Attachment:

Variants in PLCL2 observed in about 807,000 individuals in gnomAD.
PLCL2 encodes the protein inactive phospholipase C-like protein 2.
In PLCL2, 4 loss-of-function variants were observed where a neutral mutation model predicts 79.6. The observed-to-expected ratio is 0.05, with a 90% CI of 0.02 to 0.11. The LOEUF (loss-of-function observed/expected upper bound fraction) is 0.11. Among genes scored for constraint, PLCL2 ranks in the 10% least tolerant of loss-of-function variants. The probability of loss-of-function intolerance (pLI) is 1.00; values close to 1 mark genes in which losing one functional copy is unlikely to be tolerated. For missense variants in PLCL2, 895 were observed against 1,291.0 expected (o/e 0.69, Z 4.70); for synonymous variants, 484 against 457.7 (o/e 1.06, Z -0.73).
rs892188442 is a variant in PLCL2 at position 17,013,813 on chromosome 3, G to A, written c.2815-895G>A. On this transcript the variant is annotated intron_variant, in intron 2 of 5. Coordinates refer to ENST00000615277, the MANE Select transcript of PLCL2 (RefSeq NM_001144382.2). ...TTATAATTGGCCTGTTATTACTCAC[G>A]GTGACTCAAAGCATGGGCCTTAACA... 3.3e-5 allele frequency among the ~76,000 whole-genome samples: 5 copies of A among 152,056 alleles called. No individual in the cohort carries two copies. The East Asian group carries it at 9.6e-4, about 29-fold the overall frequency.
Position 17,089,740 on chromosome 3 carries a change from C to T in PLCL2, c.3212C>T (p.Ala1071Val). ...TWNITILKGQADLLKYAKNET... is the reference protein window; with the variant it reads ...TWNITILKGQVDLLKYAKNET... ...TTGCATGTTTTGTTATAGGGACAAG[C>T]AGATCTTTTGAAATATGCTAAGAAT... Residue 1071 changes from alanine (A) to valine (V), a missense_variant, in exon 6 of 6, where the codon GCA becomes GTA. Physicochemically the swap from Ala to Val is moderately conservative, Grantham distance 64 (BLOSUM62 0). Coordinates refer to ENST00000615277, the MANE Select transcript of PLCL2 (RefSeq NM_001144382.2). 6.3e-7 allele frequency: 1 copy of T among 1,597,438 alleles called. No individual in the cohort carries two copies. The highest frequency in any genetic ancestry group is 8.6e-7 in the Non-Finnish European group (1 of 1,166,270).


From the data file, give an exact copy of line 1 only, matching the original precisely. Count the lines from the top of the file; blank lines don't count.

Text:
Variants in PLCL2 observed in about 807,000 individuals in gnomAD.